This a good time to set aside some early potatoes to sprout. While you can use your favorite spuds from the supermarket, you can buy ‘seed potatoes’ from your garden centre that are guaranteed to be disease-free.
Place the potatoes on a shallow tray or old drawers lined with newspaper in a light, frost-free spot to sprout. You can also plant sprouted ones in your potato sack in the pantry!
Please read: This information is provided for educational purposes only and is not intended to treat, diagnose or prevent any disease. We encourage you to make your own health care decisions in partnership with a qualified health care professional.
This post contains affiliate links, this means at no extra cost to you, we make a commission from sales. Please read our Disclosure Statement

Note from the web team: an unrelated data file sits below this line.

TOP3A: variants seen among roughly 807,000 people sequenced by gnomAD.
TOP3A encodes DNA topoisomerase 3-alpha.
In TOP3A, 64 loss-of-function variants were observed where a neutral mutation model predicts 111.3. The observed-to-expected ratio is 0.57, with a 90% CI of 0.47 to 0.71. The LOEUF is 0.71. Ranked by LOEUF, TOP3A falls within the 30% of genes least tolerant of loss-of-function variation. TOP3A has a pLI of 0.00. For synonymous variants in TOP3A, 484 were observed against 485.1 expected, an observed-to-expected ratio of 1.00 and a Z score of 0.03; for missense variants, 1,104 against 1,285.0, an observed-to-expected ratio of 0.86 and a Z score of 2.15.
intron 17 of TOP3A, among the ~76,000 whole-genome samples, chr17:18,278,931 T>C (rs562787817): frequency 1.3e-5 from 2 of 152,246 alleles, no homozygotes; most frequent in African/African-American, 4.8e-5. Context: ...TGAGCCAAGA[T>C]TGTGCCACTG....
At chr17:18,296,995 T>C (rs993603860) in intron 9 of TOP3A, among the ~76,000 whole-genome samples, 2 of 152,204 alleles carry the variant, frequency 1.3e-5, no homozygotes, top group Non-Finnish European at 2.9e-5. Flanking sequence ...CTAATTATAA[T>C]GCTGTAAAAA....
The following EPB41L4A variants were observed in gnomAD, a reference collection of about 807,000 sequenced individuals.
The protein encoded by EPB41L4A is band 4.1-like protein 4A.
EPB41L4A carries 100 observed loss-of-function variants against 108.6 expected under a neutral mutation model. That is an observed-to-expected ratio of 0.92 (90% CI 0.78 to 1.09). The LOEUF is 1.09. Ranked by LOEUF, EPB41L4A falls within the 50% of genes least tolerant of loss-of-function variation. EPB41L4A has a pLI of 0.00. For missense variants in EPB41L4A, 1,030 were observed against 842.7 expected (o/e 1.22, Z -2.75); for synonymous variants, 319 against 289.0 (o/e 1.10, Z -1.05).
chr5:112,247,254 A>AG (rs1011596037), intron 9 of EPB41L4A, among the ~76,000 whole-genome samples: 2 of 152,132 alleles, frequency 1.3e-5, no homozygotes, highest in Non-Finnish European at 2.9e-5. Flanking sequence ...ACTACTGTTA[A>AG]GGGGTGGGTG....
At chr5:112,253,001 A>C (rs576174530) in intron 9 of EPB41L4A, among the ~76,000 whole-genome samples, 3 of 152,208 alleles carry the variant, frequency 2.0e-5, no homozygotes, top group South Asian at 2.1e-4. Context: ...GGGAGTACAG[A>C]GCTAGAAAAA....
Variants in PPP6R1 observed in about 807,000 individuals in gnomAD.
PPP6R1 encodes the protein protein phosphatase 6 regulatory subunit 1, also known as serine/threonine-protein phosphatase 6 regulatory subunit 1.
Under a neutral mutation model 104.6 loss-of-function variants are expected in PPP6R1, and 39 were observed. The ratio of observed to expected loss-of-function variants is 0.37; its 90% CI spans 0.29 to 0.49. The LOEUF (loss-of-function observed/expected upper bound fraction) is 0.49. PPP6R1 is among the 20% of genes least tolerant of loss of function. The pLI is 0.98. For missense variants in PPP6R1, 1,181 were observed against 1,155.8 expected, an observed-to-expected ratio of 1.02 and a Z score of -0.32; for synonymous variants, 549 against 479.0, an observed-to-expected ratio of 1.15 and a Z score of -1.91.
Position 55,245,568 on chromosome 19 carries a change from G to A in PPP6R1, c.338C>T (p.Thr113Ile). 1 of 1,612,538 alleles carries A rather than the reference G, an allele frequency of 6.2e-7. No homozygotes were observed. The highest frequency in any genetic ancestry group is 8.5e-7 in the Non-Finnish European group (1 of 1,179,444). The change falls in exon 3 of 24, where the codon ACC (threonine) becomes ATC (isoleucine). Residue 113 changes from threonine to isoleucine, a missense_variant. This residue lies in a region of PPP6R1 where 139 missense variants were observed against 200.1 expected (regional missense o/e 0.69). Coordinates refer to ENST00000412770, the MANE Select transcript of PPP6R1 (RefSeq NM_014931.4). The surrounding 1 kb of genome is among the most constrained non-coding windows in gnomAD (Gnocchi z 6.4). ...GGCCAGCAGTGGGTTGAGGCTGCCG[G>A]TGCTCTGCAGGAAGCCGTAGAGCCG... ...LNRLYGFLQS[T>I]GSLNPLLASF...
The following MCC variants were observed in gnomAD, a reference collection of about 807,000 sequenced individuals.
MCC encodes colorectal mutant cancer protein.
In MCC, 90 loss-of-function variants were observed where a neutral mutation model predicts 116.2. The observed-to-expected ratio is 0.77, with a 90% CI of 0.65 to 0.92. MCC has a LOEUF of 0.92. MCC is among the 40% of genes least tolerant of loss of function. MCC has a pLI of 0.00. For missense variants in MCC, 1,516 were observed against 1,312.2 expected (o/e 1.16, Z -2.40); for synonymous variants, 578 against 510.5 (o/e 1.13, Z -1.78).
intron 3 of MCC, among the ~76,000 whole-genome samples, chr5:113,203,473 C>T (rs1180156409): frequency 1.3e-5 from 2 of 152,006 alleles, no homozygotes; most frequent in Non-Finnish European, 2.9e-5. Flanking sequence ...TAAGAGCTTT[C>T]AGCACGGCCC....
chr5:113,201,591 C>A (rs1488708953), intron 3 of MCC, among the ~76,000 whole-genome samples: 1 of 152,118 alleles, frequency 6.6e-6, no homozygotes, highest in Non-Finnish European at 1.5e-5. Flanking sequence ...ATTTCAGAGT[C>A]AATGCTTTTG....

You will plant these out in late winter, so prepare the area now with plenty of compost or well rotted manure and a good thick layer of mulch.
Protect your compost bins from the wind, rain and snow to encourage it to continue maturing over the winter months. The whole heap slows down in the colder months so it will need turned regularly to help keep it active.
Carrots and beetroot can be lifted and kept in a corner of the garden covered in loose soil, damp sand or sawdust. This will be easier to dig than frozen, sodden soil.
Green manure crops that have reached 15cm/6in can be dug in now. Chop them with a spade and only dig them into the top 4 inches of soil, as that is where the microorganisms are most active.
Add some lime at the same time, and leave the soil in rough lumps to allow the weather to break it up further.
Raspberries need their old fruiting canes cut down to ground level once they have finished fruiting. Mulch with a layer of compost.
New berry fruit plants may be planted now, mulched thickly in compost.
Please Pin and Share with your friends and family!